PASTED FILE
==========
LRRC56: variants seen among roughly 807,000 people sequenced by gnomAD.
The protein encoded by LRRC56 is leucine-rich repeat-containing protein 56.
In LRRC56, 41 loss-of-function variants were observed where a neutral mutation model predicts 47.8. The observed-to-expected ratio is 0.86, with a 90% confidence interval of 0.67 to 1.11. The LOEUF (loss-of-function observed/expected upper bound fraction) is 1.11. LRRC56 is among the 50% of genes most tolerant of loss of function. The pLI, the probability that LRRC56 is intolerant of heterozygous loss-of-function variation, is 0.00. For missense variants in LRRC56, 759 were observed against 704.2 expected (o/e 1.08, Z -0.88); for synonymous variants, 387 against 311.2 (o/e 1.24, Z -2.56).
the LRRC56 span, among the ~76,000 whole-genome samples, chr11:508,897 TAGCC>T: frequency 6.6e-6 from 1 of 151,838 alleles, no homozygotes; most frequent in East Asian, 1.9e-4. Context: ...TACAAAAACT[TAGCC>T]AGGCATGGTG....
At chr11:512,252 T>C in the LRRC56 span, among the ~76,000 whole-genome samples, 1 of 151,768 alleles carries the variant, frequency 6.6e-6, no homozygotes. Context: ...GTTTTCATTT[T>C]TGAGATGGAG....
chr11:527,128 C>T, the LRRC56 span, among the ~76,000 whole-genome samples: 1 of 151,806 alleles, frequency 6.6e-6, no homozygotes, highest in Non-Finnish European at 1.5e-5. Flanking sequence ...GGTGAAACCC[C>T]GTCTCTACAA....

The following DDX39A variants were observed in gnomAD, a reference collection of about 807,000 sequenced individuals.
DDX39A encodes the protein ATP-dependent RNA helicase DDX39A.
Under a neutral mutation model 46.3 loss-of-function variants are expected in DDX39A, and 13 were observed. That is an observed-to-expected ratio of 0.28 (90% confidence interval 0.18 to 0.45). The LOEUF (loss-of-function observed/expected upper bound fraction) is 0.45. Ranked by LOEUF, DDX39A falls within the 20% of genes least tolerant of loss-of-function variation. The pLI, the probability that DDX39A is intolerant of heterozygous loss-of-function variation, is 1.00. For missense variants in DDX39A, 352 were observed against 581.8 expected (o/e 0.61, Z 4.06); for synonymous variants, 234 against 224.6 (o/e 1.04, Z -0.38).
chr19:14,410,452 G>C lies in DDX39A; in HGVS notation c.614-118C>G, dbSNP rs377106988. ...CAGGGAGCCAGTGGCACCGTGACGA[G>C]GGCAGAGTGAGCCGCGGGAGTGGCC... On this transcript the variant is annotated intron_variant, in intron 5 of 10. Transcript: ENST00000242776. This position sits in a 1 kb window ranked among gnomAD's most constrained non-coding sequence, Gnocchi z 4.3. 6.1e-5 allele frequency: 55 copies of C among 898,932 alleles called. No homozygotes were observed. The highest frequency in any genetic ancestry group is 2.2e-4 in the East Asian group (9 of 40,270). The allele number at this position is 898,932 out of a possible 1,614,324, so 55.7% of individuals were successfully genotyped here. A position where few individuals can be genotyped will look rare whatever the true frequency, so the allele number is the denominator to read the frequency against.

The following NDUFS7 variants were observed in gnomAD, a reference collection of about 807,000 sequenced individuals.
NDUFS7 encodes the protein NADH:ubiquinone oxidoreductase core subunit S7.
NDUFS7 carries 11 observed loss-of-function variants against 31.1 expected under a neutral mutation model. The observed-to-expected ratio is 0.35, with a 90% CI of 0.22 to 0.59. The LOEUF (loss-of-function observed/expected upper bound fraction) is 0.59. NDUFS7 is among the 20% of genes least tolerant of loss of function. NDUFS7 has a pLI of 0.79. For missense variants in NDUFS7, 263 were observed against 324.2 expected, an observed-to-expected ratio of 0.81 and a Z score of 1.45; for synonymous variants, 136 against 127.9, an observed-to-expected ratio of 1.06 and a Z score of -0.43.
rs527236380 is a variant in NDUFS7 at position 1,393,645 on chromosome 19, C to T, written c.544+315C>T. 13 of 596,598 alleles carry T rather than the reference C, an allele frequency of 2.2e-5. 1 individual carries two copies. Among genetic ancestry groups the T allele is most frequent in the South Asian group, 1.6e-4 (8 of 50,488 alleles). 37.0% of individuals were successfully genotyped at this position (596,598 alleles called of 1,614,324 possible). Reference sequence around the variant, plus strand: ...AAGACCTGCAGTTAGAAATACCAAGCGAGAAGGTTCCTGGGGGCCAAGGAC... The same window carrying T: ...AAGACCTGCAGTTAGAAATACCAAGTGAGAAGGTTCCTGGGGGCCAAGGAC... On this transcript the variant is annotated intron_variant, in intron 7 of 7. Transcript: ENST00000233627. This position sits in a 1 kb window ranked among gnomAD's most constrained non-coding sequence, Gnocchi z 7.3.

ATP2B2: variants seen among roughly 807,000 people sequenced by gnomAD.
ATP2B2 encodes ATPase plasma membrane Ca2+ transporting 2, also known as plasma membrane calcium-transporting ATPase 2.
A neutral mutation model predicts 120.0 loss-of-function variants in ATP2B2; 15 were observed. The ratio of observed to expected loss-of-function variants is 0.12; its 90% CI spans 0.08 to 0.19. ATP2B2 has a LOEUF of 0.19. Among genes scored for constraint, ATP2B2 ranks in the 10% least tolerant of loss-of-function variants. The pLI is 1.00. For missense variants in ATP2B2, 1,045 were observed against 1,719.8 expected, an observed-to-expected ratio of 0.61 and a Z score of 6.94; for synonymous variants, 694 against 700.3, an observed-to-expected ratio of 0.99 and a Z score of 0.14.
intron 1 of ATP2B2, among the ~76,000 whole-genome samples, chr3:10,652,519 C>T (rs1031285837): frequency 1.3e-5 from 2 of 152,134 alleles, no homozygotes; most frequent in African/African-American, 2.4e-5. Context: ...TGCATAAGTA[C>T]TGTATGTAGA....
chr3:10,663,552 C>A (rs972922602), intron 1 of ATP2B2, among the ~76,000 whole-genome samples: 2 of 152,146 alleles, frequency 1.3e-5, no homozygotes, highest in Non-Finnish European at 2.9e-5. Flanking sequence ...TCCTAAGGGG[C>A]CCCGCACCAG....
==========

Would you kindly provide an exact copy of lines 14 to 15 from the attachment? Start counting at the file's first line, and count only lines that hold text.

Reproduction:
rs527236380 is a variant in NDUFS7 at position 1,393,645 on chromosome 19, C to T, written c.544+315C>T. 13 of 596,598 alleles carry T rather than the reference C, an allele frequency of 2.2e-5. 1 individual carries two copies. Among genetic ancestry groups the T allele is most frequent in the South Asian group, 1.6e-4 (8 of 50,488 alleles). 37.0% of individuals were successfully genotyped at this position (596,598 alleles called of 1,614,324 possible). Reference sequence around the variant, plus strand: ...AAGACCTGCAGTTAGAAATACCAAGCGAGAAGGTTCCTGGGGGCCAAGGAC... The same window carrying T: ...AAGACCTGCAGTTAGAAATACCAAGTGAGAAGGTTCCTGGGGGCCAAGGAC... On this transcript the variant is annotated intron_variant, in intron 7 of 7. Transcript: ENST00000233627. This position sits in a 1 kb window ranked among gnomAD's most constrained non-coding sequence, Gnocchi z 7.3.

ATP2B2: variants seen among roughly 807,000 people sequenced by gnomAD.